Every “Andy Griffith Show” episode begins with Andy and Opie heading to the fishing hole as opening credits roll — but imagine how empty that sequence would be without the familiar theme song being whistled along the way.
Thanks to the creativity of Earle Hagen, that tune — appropriately titled “The Fishin’ Hole” — and other music he composed has become just as big a part of the show as its characters and plot lines, while arguably enhancing the effectiveness of both.
Hagen provided music for 249 of the 268 episodes of “The Andy Griffith Show,” which included not only creating its catchy theme but lending his whistling skills to that tune.
The composer, who worked on a number of television shows and died in 2008 at the age of 88, had attended the Mayberry Days celebration one time several years before that. Now Hagen’s wife Laura is filling the void at this week’s festival celebrating the TV series that was a big part of his life.
“He loved ‘The Andy Griffith Show,’ he loved Andy Griffith,” she said during a telephone interview earlier this week. “He was just so ingrained in that show.”
Hagen, a trombone player, performed with the big bands of Tommy Dorsey and Benny Goodman early in his career.
Bringing characters to life
As a dedicated musician who later crossed over into what was then the growing medium of television in the early 1950s, Hagen recognized the importance of music in the production process. This also was understood by directors such as Alfred Hitchcock and Stanley Kubrick, whose films are greatly enhanced by the dramatic or classical music they relied on to help propel the story.
Hagen brought that philosophy to his TV work, most notably “The Andy Griffith Show.”
“He used to say that the music is about bringing the characters to life and the story to life,” Laura Hagen said. This was not aimed at overshadowing the script or characters, but highlighting them.
“And he was very good at that,” Mrs. Hagen said.
In addition to the theme song, Earle Hagen’s magic is woven throughout the Griffith show’s fabric.
“He also composed pieces to different characters,” Mrs. Hagen said, such as the “Barney’s manhunt” music that heightening the tension when the Mayberry deputy was tracking down a desperate criminal.
“All these different compositions he did to express the characters,” she said of how Hagen used music to set the mood for various scenes. “And he loved doing that.”
Hagen’s work on “The Andy Griffith Show” also reflected his resourcefulness, since unlike big-budget movies, TV shows have tended to be confined to tight budgetary and shooting schedules.
Such limitations faced by “The Andy Griffith Show” producers in the early 1960s led to Hagen quickly improvising theme music for the program rather than seeking outside talent to write and perform it, including whistling the tune himself.
After Executive Producer Sheldon Leonard heard what resulted and liked it, he matched the song to the opening footage of Andy and Opie traipsing to the lake — and the rest is history.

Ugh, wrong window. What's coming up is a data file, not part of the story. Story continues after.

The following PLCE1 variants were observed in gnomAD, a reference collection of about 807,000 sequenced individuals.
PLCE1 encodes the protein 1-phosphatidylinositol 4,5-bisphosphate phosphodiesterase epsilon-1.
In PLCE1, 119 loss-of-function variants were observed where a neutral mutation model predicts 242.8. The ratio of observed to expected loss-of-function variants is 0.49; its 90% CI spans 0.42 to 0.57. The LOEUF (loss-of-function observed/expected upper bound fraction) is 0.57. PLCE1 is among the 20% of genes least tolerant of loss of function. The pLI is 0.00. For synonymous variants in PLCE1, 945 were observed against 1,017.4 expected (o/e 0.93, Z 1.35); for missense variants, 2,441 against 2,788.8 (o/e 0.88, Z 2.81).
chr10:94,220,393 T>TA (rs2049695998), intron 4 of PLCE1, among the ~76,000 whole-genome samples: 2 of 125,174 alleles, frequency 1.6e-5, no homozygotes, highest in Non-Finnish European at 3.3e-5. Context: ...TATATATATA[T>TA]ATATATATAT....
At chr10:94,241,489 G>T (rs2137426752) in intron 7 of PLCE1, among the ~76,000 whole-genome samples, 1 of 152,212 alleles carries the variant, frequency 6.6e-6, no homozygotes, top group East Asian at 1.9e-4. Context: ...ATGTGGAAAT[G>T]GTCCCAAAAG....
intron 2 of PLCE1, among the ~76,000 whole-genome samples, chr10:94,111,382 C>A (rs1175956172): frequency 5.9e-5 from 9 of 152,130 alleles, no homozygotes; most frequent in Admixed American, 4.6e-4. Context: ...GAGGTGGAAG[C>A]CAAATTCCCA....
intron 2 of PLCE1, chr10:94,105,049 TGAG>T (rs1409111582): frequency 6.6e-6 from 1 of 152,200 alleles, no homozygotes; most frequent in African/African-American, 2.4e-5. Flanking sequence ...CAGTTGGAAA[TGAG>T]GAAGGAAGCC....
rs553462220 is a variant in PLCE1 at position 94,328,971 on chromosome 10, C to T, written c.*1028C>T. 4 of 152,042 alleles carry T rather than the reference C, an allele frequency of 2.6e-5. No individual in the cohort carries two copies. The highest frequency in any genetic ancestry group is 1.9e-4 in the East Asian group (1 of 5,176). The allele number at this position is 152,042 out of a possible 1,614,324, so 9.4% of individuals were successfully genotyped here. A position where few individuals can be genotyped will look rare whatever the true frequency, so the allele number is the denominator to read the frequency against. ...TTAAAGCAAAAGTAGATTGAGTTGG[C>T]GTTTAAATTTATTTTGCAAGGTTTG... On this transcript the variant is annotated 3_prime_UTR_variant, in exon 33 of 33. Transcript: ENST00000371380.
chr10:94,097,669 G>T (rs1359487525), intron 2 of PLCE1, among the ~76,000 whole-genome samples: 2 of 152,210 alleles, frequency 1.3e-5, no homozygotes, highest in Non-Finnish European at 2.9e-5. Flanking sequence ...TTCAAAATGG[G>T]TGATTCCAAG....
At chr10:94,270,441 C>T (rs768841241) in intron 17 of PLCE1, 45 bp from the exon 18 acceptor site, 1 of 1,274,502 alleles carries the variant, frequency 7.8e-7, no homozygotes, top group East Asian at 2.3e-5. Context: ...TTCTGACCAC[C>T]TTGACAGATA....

“When he created the theme,” Mrs. Hagen recalled of her husband’s composition, “he thought it should be something simple that people could whistle.”
Many “Andy Griffith Show” fans might be unaware that there are words to the opening theme, which has become firmly entrenched in Mayberry lore and one of the reasons behind its longevity.
“And maybe it’s because of the simplicity,” Mrs. Hagen said of the song, which she also believes is why “The Andy Griffith Show” has remained popular for so many years.
Mayberry Days embraced
At some point, the sheet music for “The Fishin’ Hole” fell into the hands of Emmett Forrest, who amassed a huge collection of Andy Griffith memorabilia that formed the basis for the local museum established in the hometown star’s honor.
When Earle Hagen attended Mayberry Days about 15 years ago, Forrest had him autograph the sheet music.
“He was the grand marshal for the parade (that year),” Laura Hagen said of Earle, “and I got to come with him — that was my introduction to Mayberry Days.”
And though her husband has died, she is maintaining the family’s ties to the event by participating in it whenever she can.
“This will be my third or fourth time,” Hagen added of this week’s gathering, which she appreciates being able to attend for multiple reasons.
“First of all, the atmosphere, and going back in time,” she said of the simpler, more peaceful existence Mayberry Days promotes.
“I enjoy the people, and the cast members who are able to show up,” Mrs. Hagen continued.
Along with greeting the fans, she has relished the chance to mingle with other Mayberry celebrities over the years such as Elinor Donahue (Ellie Walker), Betty Lynn (Thelma Lou) and Maggie Peterson (Charlene Darling).
And her husband’s memory is always a big part of the proceedings, said Mrs. Hagen, who loves to discuss his involvement with a major piece of television history.
“I love to share who Earle was.”
Tom Joyce may be reached at 336-415-4693 or on Twitter @Me_Reporter.